If taking his company private hasn't made Dell CEO Michael Dell more relaxed and confident, he put on a convincing facade during his opening keynote Thursday at Dell World.
"Shazam!" Dell exclaimed after Dell Servers VP and GM Forrest Norrod demonstrated the company's Fluid Cache for SAN storage product achieving over 5 million IOPS, which Dell claimed is a world record.
"When you go cloud, go with Dell. KABOOM!" Dell said in another of his more exuberant moments, many of which also included references to the R&D freedom the company can enjoy now that it's no longer subject to Wall Street's quarterly scrutiny. Dell can operate like "the world's largest start-up," the CEO declared, repeating a line that company executives have used since the buyout was finalized.
But showmanship is par for the course during major tech keynotes. Many among the thousands of Dell customers in attendance seemed engaged by the CEO's feisty tone, but many were no doubt asking the same question: What does all this mean for me and my business?
Dell executives have addressed this concern in recent weeks, but largely in broad terms. On Thursday, the company revealed specifics, announcing a variety of cloud partnerships and innovation initiatives that CEO Dell said would return the company to its heritage: bringing customers the products they need at disruptive prices.
The announcements were highlighted by an OEM alliance with Red Hat in which the two companies will jointly engineer systems that run Red Hat's version of the open-source OpenStack cloud platform. The company also announced partnerships with a variety of public cloud vendors, including Google, Microsoft Azure, and CenturyLink. It's an impressive roster, even if it omits the 800-pound gorilla in the room, Amazon Web Services.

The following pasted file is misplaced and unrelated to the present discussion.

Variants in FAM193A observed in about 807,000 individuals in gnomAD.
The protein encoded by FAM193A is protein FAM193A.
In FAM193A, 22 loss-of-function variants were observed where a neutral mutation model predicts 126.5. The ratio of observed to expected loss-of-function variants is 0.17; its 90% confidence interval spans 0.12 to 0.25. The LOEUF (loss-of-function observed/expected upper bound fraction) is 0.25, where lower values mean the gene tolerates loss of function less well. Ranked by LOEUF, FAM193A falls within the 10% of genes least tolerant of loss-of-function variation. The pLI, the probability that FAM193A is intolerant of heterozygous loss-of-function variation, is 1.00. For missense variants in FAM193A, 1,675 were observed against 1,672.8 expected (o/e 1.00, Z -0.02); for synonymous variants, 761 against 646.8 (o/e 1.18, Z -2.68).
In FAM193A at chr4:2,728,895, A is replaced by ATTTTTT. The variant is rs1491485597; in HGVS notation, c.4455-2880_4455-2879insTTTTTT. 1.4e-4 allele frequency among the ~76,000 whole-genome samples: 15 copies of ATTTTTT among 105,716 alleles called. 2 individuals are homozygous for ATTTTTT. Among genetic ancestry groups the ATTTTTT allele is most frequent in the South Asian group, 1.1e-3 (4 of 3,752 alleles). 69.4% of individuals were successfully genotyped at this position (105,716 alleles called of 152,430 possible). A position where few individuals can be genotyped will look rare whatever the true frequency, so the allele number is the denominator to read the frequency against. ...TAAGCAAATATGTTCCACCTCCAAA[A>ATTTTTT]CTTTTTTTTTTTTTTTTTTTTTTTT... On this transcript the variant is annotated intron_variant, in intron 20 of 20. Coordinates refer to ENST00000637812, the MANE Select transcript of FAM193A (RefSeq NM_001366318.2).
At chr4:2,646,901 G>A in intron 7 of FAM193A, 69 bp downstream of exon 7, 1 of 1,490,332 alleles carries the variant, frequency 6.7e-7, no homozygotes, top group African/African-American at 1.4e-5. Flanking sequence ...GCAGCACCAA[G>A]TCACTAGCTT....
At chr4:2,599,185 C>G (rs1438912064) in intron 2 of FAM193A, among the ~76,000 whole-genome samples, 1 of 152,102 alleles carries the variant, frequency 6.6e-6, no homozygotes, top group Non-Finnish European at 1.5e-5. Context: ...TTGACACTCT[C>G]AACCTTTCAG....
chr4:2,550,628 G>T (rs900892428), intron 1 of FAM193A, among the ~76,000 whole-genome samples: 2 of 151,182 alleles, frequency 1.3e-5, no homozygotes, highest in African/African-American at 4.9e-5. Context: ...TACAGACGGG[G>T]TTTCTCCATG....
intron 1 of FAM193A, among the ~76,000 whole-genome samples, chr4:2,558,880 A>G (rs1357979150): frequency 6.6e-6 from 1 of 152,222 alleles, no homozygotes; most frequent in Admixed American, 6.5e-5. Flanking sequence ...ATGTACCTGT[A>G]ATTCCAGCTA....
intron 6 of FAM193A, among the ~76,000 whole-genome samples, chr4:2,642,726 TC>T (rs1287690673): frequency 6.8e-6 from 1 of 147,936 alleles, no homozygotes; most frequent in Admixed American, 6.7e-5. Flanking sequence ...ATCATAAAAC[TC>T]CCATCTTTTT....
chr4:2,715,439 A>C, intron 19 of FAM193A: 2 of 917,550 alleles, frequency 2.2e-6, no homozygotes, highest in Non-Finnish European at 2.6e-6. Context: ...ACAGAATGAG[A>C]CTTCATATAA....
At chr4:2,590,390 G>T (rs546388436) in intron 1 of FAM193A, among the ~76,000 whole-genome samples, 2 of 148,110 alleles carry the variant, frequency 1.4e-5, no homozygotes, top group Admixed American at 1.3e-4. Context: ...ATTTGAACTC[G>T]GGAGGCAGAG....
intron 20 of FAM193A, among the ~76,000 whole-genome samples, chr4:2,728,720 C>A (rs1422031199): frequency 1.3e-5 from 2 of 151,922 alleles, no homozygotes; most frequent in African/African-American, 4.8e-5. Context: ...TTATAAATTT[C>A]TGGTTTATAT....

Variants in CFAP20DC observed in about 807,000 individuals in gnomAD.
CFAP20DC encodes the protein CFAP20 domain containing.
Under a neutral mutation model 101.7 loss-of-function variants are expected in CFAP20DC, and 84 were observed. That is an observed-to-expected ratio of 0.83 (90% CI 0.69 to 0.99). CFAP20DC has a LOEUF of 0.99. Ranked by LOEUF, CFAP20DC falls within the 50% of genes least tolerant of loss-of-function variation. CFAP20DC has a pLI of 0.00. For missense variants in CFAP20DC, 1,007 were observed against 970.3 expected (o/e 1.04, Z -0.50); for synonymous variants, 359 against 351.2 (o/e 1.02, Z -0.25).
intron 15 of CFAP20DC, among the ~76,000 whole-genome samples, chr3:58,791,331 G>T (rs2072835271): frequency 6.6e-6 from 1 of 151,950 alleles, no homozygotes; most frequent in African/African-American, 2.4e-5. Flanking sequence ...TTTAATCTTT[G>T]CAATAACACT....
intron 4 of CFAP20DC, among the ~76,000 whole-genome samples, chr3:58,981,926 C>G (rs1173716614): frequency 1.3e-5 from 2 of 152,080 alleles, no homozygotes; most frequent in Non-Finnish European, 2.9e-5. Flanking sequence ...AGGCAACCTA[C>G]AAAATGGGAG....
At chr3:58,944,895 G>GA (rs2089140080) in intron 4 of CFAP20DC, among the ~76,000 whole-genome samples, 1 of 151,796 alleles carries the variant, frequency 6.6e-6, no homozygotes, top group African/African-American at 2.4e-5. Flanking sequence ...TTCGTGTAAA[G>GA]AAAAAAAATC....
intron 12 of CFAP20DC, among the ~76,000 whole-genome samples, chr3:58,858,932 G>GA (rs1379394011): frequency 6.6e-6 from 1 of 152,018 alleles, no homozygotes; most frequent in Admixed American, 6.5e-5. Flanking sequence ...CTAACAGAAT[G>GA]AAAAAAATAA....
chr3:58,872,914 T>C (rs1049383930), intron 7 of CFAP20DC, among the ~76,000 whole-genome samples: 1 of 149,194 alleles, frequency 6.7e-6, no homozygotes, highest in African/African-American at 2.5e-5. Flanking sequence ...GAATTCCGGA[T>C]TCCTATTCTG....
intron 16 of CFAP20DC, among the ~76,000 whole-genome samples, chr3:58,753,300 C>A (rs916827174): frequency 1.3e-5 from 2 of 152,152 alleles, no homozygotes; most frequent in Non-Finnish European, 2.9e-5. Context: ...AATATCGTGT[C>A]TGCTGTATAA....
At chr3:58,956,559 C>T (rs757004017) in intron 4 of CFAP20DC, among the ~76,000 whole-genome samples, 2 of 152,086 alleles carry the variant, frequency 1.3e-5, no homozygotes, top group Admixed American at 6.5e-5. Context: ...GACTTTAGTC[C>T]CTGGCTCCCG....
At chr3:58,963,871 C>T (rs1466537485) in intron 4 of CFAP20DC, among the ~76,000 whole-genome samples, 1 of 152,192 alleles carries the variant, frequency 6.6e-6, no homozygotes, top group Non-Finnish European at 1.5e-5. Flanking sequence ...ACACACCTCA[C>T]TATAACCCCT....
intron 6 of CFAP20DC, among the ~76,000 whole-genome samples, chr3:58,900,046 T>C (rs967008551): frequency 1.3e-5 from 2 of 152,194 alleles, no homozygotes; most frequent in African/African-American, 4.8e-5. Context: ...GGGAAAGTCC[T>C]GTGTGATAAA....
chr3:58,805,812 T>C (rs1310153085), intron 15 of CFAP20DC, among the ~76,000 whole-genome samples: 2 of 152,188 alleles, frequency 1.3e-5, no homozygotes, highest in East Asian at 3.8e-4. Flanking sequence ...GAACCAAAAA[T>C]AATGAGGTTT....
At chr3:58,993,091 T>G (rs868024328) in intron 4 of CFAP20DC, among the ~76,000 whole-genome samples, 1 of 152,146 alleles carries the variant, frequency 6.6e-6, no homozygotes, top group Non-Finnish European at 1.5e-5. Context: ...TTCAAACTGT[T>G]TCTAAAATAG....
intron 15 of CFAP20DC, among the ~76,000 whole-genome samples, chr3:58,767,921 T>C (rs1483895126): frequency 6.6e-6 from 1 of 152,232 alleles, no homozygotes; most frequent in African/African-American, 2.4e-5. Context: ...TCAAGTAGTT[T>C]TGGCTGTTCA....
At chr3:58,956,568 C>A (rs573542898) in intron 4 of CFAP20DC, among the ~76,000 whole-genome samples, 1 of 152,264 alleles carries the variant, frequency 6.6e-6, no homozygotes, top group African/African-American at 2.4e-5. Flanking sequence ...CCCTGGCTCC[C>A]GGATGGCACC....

The gist is that Dell, unlike competitors such as HP and IBM, doesn't see the benefit in building out its own public cloud. Instead, the company has opted to partner with others, which allows it to focus on simplifying cloud management and orchestration instead of building out the underlying infrastructure.
[Is Dell's Venue Pro the right Windows tablet for you? Read Microsoft Surface vs. Dell Venue: Tablet Rivals.]
The partnerships announced Thursday also include a deal with Dropbox. Dell will offer Dropbox for Business through its sales force and pair it with Dell Data Protection Cloud. Dell's technology encrypts data as it moves in and out of public clouds. Dropbox says more than 4 million businesses are using its product. Ross Piper, the company's VP of Enterprise Strategy, told InformationWeek it hadn't yet been determined when the Dell-backed offering will roll out.
Other Dell announcements included the Dell Research Division and the Dell Venture Fund, two projects intended to spur innovation. The Dell Research Division will focus on organic growth with a long-range focus and will collaborate with leading research universities to harness emerging technologies, Michael Dell said. The $300 million venture fund will identify and support early-stage startups from around the world.
Dell executives also emphasized that though the company's future is in software and services, it remains committed to the PC market. Dell is one of several companies that have taken a beating, both financially and in the press, as the PC slump has worn on. But Michael Dell emphasized the promise of new products, such as its Venue tablet line, and claimed the company is seeing growth in notebooks.